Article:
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Raghunath Das Vs. Sri Kishan - Court Judgment

LegalCrystal Citation
SubjectCivil
CourtAllahabad
Decided On
Case NumberCivil Revn. No. 408 of 1948
Judge
Reported inAIR1950All248
ActsCode of Civil Procedure (CPC) , 1908 - Sections 115 and 151 - Order 9, Rule 9
AppellantRaghunath Das
RespondentSri Kishan
Appellant AdvocateLalta Prasad, Adv.
Respondent AdvocateS.N. Duvedi, Adv.
DispositionRevision dismissed
Excerpt:
- - ' it is evident from the order quoted above that the learned judge did not apply a judicial mind to the consideration of the application for restoration and although it appears that he was not satisfied that there was any sufficient cause for the restoration of the cases he made an order directing the execution cases to be restored being swayed by considerations which should not have influenced a court of law......there was any sufficient cause for the restoration of the cases he made an order directing the execution cases to be restored being swayed by considerations which should not have influenced a court of law.3. when the executions were proceeded with the judgment-debtor objected that the cases should not have been restored and that the execution was barred by limitation. as already stated above these objections were dismissed on the finding that the execution cases were restored because there were sufficient reasons for doing so. i find it difficult to understand how the reasons for restoration recorded in the order dated 17th march 1945, could be regarded to be sufficient reasons for restoration. the observation of the learned judge that there were sufficient reasons for restoring the.....
Judgment:
ORDER

Seth, J.

1. These two applications in revision are directed against an order of the Small Cause Court Judge of Kanpur by which objections to the execution of two decrees were disposed of and rejected by a common judgment.

2. The decrees under execution were obtained on 31st August 1929. The last application for execution was made in 1943 more than 12 years after the date of the decree. Limitation was, however, sought to be extended by relying on the Temporary Postponement of Execution of Decrees Act (U. P. Act X [10] of 1937). If the decree-holder was to get the benefit of this Act these applications for execution were within the period of limitation prescribed by Section 48, Civil P. C. The applications for execution were, however, struck off for default of prosecution on the part of the decree-holder on and March 1945. I have said that the applications for execution were struck off on 2nd March 1946, but I am not sure that this is the correct date on which these applications were dismissed for while 2nd March 1945, has been put down as the date under the signature of the presiding officer the date of the order mentioned in the second column of the order sheet is 24th February 1945. Be that as ill may, the decree-holder applied for restoration on 17th March 1945, and on that very date without any notice to the judgment-debtor the Court made the following order :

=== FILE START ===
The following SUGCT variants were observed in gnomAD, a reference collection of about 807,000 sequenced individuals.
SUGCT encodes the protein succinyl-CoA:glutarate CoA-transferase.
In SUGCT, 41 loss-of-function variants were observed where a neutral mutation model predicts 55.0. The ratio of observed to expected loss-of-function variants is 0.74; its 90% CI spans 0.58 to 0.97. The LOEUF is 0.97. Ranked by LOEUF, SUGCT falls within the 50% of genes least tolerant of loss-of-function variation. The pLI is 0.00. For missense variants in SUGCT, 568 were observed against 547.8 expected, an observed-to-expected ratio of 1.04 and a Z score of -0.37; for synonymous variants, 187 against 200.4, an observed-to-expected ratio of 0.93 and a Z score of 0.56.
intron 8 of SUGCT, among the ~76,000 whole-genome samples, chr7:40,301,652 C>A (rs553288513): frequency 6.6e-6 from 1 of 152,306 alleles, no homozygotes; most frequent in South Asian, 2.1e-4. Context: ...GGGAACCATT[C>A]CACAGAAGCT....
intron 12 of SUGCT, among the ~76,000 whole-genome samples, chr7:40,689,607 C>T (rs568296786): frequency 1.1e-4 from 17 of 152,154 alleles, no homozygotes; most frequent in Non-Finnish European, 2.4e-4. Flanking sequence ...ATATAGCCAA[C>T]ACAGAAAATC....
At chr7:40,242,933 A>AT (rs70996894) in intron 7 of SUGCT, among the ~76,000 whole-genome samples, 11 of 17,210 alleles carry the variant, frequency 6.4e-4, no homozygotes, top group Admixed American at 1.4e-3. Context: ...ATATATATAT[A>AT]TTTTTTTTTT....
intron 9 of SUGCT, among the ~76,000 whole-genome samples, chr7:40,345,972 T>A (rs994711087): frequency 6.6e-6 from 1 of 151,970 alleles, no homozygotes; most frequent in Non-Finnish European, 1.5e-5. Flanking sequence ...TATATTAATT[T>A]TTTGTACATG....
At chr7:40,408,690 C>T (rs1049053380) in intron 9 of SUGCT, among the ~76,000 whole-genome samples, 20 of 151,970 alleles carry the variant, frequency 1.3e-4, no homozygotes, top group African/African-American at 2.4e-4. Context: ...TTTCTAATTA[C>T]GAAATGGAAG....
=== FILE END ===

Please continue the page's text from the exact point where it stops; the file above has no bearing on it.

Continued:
'The decree-holder has filed affidavit as per order on the reverse. I feel sure that nothing would come out of the execution, but I have decided to restore the execution case simply because I find that the decree-holder, who is an old (. . .?) man, is so much shocked that his health may materially suffer if this execution is not restored. In his old age he seems to have made it his aim of life to go on with the execution of these decrees. So out of leniency swayed by considerations mentioned above, under Section 151, Civil P. C. I restore the execution case.'

It is evident from the order quoted above that the learned Judge did not apply a judicial mind to the consideration of the application for restoration and although it appears that he was not satisfied that there was any sufficient cause for the restoration of the cases he made an order directing the execution cases to be restored being swayed by considerations which should not have influenced a Court of law.

3. When the executions were proceeded with the judgment-debtor objected that the cases should not have been restored and that the execution was barred by limitation. As already stated above these objections were dismissed on the finding that the execution cases were restored because there were sufficient reasons for doing so. I find it difficult to understand how the reasons for restoration recorded in the order dated 17th March 1945, could be regarded to be sufficient reasons for restoration. The observation of the learned Judge that there were sufficient reasons for restoring the execution cases does not correctly represent the state of affairs. Strictly speaking, therefore, the order of the learned Judge of the Small Cause Court under revision should be set aside and the order by which the execution cases were restored should also be set aside.

4. It appears to me, however, that I should decline to interfere in revision with the order of the Court below for two reasons. In the first place, the order sought to be revised is dated 17th August 1946, and these applications in revision were filed on 28th July 1948, nearly two years after the date of the order and are, there fore, extremely belated applications. In the second place, I have been informed that the applicant, Raghu Nath Das, died sometime in 1948. There is no affidavit to that effect but the fact remains that the learned counsel for the applicant has not put in any appearance at the hearing of these applications in revision, which shows that there is no intention to press these applications. For these two reasons I decline to interfere with the order of the Court below in the exercise of my revisional jurisdiction.

5. These applications in revision are dismissed, but there shall be no order as to costs.


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